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Discussion Starter #1
My Breguet Marine 5817ST has a different looking balance spring setup than the pics I have seen from others on the web. In the picture below, mine is the one shown surrounded by a red box, whereas the pic to the left of it is one that I found on the web.

balance.jpg

The other pic shows a + and - adjustment, whereas mine does not seem to have that. Does that mean that mine has a silicon balance spring?

I don't really care one way or the other. I know that there are both advantages and disadvantages to silicon. I'm just curious which one I have.

Thanks for any information!
 

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Hi!

That's a very intriguing question, I do not have the answer. It seems that this model has had a few different balance springs and regulation methods, because I even found on the web pictures of the balance wheel with adjustment screws mounted on the balance for the regulation. Picture below.
An email to Breguet could clear that out maybe?

watch-club-breguet-marine-40mm-grande-date-full-set-ref-5817-year-2014-6.jpg
 

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Definitely not free sprung. The balance on yours is smooth. The watch with the adjustable weights on the balance is free sprung.

Thanks! Based on the post in that thread, I’m guessing mine is free sprung but not silicon but still unsure on both points.
 

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Discussion Starter #6
Definitely not free sprung. The balance on yours is smooth. The watch with the adjustable weights on the balance is free sprung.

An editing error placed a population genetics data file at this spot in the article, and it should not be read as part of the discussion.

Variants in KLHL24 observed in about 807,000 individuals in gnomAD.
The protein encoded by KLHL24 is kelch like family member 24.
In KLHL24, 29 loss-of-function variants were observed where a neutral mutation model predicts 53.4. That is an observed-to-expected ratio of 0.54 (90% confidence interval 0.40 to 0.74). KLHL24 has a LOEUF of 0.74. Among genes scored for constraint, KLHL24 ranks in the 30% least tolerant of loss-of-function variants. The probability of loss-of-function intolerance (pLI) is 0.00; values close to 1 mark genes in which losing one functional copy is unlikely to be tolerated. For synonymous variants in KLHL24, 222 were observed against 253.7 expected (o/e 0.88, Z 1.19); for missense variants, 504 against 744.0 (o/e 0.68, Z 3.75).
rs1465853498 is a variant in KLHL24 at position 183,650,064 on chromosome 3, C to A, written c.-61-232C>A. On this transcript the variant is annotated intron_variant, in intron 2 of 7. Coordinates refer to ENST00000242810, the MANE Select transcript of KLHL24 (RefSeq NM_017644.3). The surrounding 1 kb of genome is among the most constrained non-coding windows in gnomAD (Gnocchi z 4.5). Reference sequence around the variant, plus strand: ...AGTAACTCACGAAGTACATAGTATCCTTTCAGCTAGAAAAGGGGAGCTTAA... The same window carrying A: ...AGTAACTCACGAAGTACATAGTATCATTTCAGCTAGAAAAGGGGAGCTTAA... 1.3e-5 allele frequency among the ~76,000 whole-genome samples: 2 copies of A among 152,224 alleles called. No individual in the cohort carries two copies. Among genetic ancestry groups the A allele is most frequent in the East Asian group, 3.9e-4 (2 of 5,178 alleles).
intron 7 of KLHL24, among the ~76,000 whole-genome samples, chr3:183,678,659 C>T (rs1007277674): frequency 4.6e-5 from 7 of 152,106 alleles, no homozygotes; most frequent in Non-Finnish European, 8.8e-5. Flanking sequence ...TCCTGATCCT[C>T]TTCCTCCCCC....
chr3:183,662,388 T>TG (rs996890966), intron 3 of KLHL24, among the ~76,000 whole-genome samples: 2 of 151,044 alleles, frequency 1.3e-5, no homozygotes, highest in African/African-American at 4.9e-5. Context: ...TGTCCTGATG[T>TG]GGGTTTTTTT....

Why then did they remove the +/- label? I don’t see any way to regulate it.


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Amin Sabat...Hello!

What a fine watch...and great images, too.

Historically, watches that were Free Sprung tended to be of the finest quality, since they required the greatest amount of individual adjustment. This being said, it's also interesting to note that non free-sprung watches were rather easily capable of performing at the highest levels. To some extent, then, it may be reasonable to assume that free-sprung watches--although, if properly done, certainly functioned at the 'Top of the Chart'--were as much an indication of what a Factory 'could do', as what 'should' be done...

As a quick aside: the vast majority of American Railroad Grade pocket watches were not free sprung--I'm guesing it was 99% (!)--and they were expected to run to within +/- 30 seconds per week...in actual, frequently rough, use. Pretty good, methinks!

Michael.
 
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